As NASA sends spacecrafts to our solar system’s ocean worlds, we may just have a way to find life on these planets.

As reported in a recent paper published in Analytical Chemistry, NASA scientists developed a new chemistry test to identify life. This test analyzes for amino acids, the building blocks of life, and it’s 10,000 times more sensitive than methods conducted by current spacecrafts.

“Looking at the distribution of amino acids allows us to look for life as we know it as well as life as we don’t know it,” lead author Jessica Creamer, a postdoctoral scholar at the Jet Propulsion Laboratory (JPL), tells Inverse.

The new test is based off a method called capillary electrophoresis, which separates a mixture of organic molecules into its components. It’s easy to automate for samples on ocean missions. But this is the first time this method is being tailored to detect extraterrestrial life on an ocean world.

The improvements mean scientists can identify more amino acids that are useful for identifying extraterrestrial life, and can detect amino acids at lower concentrations.

Amino acids can be found in non-living structures too, but there’s a way to tell the difference if they’re signs of actual life or not. Amino acids are chiral molecules, which means they come in two forms that are mirror images of each other. There are “left” and “right”-handed forms, and non-living sources have approximately equal amounts of both types. However, amino acids from Earth’s organisms are almost exclusively the “left-handed” type.

“It’s one of our best indicators of life,” the project’s principal investigator, Peter Willis of JPL, tells Inverse. “If you look in the amino acids, you’ve got these two forms … They’re mirror images of one another, but they’re not the same.”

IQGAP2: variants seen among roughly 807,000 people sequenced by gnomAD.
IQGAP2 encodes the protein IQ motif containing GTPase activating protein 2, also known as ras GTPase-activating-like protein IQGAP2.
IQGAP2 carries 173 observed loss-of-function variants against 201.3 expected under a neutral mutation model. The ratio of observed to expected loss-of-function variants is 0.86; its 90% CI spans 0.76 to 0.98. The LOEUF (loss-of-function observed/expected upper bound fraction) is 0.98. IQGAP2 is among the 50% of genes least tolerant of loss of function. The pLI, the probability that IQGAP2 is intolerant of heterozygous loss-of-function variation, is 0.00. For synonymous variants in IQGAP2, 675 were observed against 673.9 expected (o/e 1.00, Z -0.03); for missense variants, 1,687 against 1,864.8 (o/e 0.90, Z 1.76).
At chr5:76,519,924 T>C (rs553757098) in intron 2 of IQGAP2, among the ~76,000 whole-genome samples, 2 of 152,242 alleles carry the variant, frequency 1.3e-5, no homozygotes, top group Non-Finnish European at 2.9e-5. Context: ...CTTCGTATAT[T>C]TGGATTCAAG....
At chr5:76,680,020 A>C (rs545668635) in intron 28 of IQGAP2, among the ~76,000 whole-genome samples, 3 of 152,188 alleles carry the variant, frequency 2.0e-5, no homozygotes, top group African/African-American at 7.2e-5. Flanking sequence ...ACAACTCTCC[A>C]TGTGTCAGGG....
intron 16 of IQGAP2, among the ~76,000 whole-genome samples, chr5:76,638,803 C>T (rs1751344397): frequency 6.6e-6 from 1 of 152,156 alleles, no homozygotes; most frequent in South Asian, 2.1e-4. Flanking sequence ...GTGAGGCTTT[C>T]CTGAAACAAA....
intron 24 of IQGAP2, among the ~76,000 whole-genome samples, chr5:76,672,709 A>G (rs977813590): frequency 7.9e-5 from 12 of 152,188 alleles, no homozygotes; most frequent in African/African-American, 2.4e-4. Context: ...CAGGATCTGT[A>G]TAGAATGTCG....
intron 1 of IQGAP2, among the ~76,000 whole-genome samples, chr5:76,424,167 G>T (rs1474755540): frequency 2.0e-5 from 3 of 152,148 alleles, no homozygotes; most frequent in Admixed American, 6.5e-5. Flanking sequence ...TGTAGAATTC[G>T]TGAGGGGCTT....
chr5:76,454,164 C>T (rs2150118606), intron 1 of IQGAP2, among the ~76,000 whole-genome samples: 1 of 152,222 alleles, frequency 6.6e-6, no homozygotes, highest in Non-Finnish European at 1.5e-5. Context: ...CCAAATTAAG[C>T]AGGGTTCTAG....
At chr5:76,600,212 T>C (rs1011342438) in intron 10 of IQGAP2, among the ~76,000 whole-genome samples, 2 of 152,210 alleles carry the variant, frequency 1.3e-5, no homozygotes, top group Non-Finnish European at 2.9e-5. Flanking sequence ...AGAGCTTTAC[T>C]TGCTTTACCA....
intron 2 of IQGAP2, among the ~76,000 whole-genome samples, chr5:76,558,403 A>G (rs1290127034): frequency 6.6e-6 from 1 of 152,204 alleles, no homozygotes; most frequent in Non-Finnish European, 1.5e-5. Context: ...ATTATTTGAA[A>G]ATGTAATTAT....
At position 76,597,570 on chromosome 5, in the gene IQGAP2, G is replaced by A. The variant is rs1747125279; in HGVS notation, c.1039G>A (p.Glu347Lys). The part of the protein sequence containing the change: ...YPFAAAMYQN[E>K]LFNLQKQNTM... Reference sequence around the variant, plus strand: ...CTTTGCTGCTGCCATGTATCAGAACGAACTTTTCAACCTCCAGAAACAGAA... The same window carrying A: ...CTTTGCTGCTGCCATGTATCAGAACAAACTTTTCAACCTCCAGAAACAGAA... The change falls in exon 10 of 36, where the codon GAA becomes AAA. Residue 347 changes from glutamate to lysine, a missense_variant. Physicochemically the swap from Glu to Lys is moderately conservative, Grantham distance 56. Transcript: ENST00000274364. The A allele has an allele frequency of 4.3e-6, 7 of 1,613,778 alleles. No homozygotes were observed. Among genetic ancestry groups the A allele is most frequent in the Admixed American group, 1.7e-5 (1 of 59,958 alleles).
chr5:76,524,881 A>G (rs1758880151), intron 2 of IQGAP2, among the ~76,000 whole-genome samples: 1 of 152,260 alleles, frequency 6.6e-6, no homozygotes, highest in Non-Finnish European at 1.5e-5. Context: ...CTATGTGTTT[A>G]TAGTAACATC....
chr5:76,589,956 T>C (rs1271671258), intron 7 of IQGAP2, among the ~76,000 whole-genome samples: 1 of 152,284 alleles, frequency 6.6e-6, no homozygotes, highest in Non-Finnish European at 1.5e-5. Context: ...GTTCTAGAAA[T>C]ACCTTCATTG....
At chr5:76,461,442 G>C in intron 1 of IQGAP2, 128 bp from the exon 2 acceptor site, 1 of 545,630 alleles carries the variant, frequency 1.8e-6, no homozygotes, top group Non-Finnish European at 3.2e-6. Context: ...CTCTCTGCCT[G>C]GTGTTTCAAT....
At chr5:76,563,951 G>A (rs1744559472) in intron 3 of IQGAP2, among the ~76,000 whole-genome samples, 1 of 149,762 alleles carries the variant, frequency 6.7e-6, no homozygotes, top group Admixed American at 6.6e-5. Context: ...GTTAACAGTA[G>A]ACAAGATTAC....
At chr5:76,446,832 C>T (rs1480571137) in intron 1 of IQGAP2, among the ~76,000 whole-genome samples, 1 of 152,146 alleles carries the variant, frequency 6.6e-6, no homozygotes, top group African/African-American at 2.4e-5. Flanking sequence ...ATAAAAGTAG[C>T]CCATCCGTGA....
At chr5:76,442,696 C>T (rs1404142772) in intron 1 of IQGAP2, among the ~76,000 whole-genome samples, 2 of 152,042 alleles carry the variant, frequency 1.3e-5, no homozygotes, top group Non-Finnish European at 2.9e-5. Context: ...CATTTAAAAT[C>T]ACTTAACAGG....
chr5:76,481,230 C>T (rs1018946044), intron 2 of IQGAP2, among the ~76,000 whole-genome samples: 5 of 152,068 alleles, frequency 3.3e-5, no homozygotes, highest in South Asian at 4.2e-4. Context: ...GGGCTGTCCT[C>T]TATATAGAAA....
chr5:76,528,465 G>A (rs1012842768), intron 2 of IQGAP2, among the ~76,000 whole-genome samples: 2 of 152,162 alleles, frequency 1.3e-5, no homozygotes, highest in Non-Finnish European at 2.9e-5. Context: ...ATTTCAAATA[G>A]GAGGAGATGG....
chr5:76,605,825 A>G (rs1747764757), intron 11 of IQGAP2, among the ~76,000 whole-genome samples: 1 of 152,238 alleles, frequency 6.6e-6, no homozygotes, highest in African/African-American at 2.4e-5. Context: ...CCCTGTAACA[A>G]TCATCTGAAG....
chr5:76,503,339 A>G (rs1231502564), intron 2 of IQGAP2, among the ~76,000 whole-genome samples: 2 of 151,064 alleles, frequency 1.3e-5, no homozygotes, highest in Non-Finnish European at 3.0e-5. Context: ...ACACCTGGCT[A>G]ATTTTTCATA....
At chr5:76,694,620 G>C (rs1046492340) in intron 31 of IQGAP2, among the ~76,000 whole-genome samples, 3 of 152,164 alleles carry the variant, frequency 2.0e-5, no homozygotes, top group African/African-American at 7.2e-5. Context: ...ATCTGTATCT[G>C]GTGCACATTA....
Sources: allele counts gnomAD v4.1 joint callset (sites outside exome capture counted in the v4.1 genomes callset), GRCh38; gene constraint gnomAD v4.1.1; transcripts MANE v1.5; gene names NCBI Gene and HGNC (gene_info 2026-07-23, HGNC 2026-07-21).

As for extraterrestrial life, scientists believe its amino acids must also be one of the two forms. If scientists find that extraterrestrial life has “left-handed” amino acids, they would first have to make sure that the life is actually extraterrestrial, not from Earth. If it is indeed extraterrestrial, this would give scientists more insight into the origin of life and whether “left-handed” amino acids are more universal in some ways.

On the other hand, if extraterrestrial life has “right-handed” amino acids, this would be a fascinating finding.

“If we were to find a significant excess of ‘right-handed’ amino acids on another planetary body, this would be a very exciting discovery that would indicate the extraterrestrial life had a separate origin from life on Earth,” Creamer says.

To test this method in space and the ocean world planets, researchers are working on a shoebox-sized tool called the Chemical Laptop. Basically, this tool can take in salty ice samples, melt them, mix it with the liquids needed for testing, and perform analysis for amino acids.

So far, researchers have only used the new technique in California’s Mono Lake, which has especially high alkaline content. It’s so salty that no native fish live there, but it’s similar to the salty waters on Mars, Jupiter’s moon Europa, and Saturn’s moons Enceladus and Titan.

NASA is currently in the early stages of diving into missions to our solar system’s ocean worlds, like Enceladus or Titan. But the new breakthrough means we may find life swimming on other planets if we ever manage to make it there.

Photos via Flickr / canyon289